The aim of the present study was to perform cytogenetic analysis by means of a semi‑automated micronucleus‑centromere assay in lymphocytes from medical radiation workers. Two groups of workers receiving the highest occupational doses were selected: 10 nuclear medicine technicians and 10 interventional radiologists/cardiologists. Centromere‑negative micronucleus (MNCM‑) data, obtained from these two groups of medical radiation workers were compared with those obtained in matched controls. The blood samples of the matched controls were additionally used to construct a 'low‑dose' (0‑100 mGy) MNCM‑ dose‑response curve to evaluate the sensitivity and suitability of the micronucleus‑centromere assay as an 'effect' biomarker in medical surveillance programs. The physical dosimetry data of the 3 years preceding the blood sampling, based on single or double dosimetry practices, were collected for the interpretation of the micronucleus data. The in vitro radiation results showed that for small sized groups, semi‑automated scoring of MNCM‑ enables the detection of a dose of 50 mGy. The comparison of MNCM‑ yields in medical radiation workers and control individuals showed enhanced MNCM‑ scores in the medical radiation workers group (P=0.15). The highest MNCM‑ scores were obtained in the interventional radiologists/cardiologists group, and these scores were significantly higher compared with those obtained from the matched control group (P=0.05). The higher MNCM‑ scores observed in interventional radiologists/cardiologists compared with nuclear medicine technicians were not in agreement with the personal dosimetry records in both groups, which may point to the limitation of 'double dosimetry' procedures used in interventional radiology/cardiology. In conclusion, the data obtained in the present study supports the importance of cytogenetic analysis, in addition to physical dosimetry, as a routine biomonitoring method in medical radiation workers receiving the highest occupational radiation burdens.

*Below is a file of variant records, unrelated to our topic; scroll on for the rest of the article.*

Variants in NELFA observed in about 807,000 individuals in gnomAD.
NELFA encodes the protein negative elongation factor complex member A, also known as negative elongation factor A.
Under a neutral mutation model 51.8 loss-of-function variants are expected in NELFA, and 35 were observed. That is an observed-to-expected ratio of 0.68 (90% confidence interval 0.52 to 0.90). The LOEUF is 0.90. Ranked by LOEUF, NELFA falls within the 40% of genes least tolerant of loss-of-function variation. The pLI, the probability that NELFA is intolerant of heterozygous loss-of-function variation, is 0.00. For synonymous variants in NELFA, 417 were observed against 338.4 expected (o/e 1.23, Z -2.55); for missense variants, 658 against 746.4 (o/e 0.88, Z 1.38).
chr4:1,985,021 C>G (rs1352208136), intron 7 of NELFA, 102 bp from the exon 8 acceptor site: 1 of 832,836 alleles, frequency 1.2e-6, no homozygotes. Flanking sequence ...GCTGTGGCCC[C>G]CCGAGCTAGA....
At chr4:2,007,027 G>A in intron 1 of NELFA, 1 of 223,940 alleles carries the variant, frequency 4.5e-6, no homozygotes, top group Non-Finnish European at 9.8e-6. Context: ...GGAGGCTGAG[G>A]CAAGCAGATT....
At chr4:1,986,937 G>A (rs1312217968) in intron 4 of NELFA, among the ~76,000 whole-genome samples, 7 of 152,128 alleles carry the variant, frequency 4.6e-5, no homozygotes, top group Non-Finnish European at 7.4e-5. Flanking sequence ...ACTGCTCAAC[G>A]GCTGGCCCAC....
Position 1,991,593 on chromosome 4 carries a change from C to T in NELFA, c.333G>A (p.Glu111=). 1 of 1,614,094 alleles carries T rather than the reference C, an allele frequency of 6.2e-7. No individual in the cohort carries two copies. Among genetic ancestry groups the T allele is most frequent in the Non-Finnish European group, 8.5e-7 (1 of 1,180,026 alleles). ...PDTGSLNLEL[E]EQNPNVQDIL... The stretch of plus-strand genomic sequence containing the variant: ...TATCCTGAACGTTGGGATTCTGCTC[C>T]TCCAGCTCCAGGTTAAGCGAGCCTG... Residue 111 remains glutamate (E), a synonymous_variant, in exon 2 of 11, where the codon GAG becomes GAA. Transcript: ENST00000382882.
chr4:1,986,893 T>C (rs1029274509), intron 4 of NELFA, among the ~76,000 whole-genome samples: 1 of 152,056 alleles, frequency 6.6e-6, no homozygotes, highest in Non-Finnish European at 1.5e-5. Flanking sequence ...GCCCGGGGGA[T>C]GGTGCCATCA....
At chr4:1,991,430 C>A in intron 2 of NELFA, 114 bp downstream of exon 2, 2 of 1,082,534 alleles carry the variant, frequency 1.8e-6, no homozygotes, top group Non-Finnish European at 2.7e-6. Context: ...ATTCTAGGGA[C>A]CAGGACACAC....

Digital object identifier (DOI): 10.3892/mmr.2016.5265

Radiat Prot Dosimetry
July, 2016

A New Cytogenetic Biodosimetry Image Repository for the Dicentric Assay.

Romm, Horst, Beinke, Christina, Garcia, Omar, Di Giorgio, Marina, Gregoire, Eric, Livingston, Gordon, Lloyd, David, Martinez-Lopez, Wilner, Moquet, Jayne E., Sugarman, Stephen L., Wilkins, Ruth C., Ainsbury, Elizabeth A.

The BioDoseNet was founded by the World Health Organization as a global network of biodosimetry laboratories for building biodosimetry laboratory capacities in countries. The newly established BioDoseNet image repository is a databank of ~25 000 electronically captured images of metaphases from the dicentric assay, which have been previously analysed by international experts. The detailed scoring results and dose estimations have, in most cases, already been published. The compilation of these images into one image repository provides a valuable tool for training and research purposes in biological dosimetry. No special software is needed to view and score the image galleries. For those new to the dicentric assay, the BioDoseNet Image Repository provides an introduction to and training for the dicentric assay. It is an excellent instrument for intra-laboratory training purposes or inter-comparisons between laboratories, as recommended by the International Organization for Standardisation standards. In the event of a radiation accident, the repository can also increase the surge capacity and reduce the turnaround time for dose estimations. Finally, it provides a mechanism for the discussion of scoring discrepancies in difficult cases.

Digital object identifier (DOI): 10.1093/rpd/ncw158

Nucleic Acids Res
June, 2016

Chromosome thripsis by DNA double strand break clusters causes enhanced cell lethality, chromosomal translocations and 53BP1-recruitment.

Schipler, Agnes, Mladenova, Veronika, Soni, Aashish, Nikolov, Vladimir, Saha, Janapriya, Mladenov, Emil, Iliakis, George